Russian coach and judge Svetlana Lyapina, mother of ice dancer Jonathan Guerreiro, switched her sports citizenships and will represent Australia at the international competitions

Posted on 2023-06-10 • No comments yet


Russian coach and judge Svetlana Lyapina, mother of ice dancer Jonathan Guerreiro, switched her sports citizenships and will represent Australia at the international competitions.


source: Sport24

Translation of the article in the Russian press.

A few words about the double standards of the Russian Figure Skating Federation (FFKKR).

The issue of skaters switching flags in the past year is particularly sensitive. Recently, the federation has tightened the rules regarding changing sporting citizenship for top-level skaters. Dario Cirisano, who found a new partner in the Czech Republic after splitting with Irina Khavronina, recently came across this rule change. It is still unclear when he will be able to take part in competitions with Denisa Cimlova. But what about the judging panel?

Just like athletes, all official ISU figures involved in judging figure skaters are also tied to their respective countries. Prior to the start of the season, all federations submit lists based on specific categories, according to the type and function of their roles. To be “appointed” by a country, several requirements must be met. These include attending ISU seminars, passing exams, and having experience working at lower-ranking competitions. There is even an age limit – technical panel members can work until the age of 70, while judges must be between 24 and 60 years old.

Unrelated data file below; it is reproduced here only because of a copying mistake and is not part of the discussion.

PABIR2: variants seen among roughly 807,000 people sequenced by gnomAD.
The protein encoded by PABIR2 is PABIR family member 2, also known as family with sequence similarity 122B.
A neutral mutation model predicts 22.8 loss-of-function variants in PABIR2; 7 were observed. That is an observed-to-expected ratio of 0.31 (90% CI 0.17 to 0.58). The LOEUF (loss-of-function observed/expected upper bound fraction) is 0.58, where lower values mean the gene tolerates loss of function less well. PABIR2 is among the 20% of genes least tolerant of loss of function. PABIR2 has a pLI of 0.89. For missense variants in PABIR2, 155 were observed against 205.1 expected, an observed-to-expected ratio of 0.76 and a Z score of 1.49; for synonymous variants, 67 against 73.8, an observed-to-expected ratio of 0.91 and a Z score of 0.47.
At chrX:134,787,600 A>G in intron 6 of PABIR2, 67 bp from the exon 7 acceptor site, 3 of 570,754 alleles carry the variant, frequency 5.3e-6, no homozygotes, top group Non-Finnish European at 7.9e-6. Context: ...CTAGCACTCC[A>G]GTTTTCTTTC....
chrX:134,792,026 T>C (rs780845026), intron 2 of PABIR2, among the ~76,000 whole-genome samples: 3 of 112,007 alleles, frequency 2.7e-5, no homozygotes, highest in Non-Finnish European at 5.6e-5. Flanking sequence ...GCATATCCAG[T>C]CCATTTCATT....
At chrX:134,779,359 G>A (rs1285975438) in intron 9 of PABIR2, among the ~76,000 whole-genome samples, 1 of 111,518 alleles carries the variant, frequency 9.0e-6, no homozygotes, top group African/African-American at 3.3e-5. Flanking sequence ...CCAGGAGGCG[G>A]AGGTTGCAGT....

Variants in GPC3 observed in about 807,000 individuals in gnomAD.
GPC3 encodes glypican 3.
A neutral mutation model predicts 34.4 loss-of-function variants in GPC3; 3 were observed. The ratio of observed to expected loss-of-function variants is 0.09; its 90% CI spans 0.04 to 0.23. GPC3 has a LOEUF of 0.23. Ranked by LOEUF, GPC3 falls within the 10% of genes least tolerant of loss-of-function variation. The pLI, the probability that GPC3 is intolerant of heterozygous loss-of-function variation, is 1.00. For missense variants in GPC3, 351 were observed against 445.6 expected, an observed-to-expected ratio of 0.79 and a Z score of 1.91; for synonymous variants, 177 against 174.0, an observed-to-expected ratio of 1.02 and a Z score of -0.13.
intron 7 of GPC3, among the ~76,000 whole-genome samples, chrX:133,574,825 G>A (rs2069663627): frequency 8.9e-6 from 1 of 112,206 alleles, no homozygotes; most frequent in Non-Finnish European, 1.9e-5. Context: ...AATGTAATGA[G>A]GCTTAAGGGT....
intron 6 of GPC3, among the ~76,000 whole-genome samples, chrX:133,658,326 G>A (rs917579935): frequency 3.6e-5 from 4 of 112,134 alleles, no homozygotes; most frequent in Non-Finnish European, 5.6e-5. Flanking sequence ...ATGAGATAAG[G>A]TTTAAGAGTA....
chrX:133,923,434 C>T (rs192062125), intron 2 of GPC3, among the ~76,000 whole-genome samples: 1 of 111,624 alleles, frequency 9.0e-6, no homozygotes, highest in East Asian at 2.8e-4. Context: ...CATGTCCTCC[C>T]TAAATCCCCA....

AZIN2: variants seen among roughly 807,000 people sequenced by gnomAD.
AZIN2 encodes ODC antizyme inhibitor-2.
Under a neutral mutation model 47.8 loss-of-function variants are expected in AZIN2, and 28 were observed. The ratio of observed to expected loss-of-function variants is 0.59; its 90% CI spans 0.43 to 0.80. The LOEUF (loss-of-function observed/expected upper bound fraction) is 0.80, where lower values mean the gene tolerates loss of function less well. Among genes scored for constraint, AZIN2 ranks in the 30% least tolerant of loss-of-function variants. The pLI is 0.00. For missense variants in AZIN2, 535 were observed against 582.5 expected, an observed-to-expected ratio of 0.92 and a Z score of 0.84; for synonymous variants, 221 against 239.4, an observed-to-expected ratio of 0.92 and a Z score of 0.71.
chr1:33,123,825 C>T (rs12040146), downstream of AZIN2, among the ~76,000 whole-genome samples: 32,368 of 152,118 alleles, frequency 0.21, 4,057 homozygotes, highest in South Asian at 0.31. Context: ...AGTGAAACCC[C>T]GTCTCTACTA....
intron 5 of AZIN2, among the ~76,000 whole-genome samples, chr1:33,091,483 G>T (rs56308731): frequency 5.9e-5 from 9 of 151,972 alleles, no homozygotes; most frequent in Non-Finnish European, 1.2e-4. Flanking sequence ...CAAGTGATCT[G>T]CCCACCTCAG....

Active coaches usually work at competitions only as technical specialists or technical controllers. For the 2022/23 season, three top-level coaches were registered from Russia – Sergei Roslyakov, Petr Durnev, and Denis Samokhin. They were not invited to the competitions for understandable reasons – the suspension from international competitions also applies to officials. However, the familiar surname Guerreiro appeared on Australia’s list. Does it ring a bell?

It is no secret that Jonathan Guerreiro was born in Australia to a family of Soviet former figure skater Svetlana Lyapina and Portuguese Francis. At the age of 13, the family moved to Moscow so that Guerreiro could progress in the sport. It turned out to be a successful decision – in a competitive environment, the young man quickly started making progress and even qualified for the 2018 Olympic Games with Tiffany Zagorski.

Svetlana never coached her son. Throughout his career, Jonathan has had the opportunity to work with many specialists, starting from the duo of Svetlana Alekseeva/Elena Kustarova to Natalia Linichuk/Gennadi Karponosov. Lyapina led her own group of dancers, and sometimes Jonathan helped her with choreography for young duos, such as the shining junior pair of Sofia Polishchuk and Alexandr Vakhnov.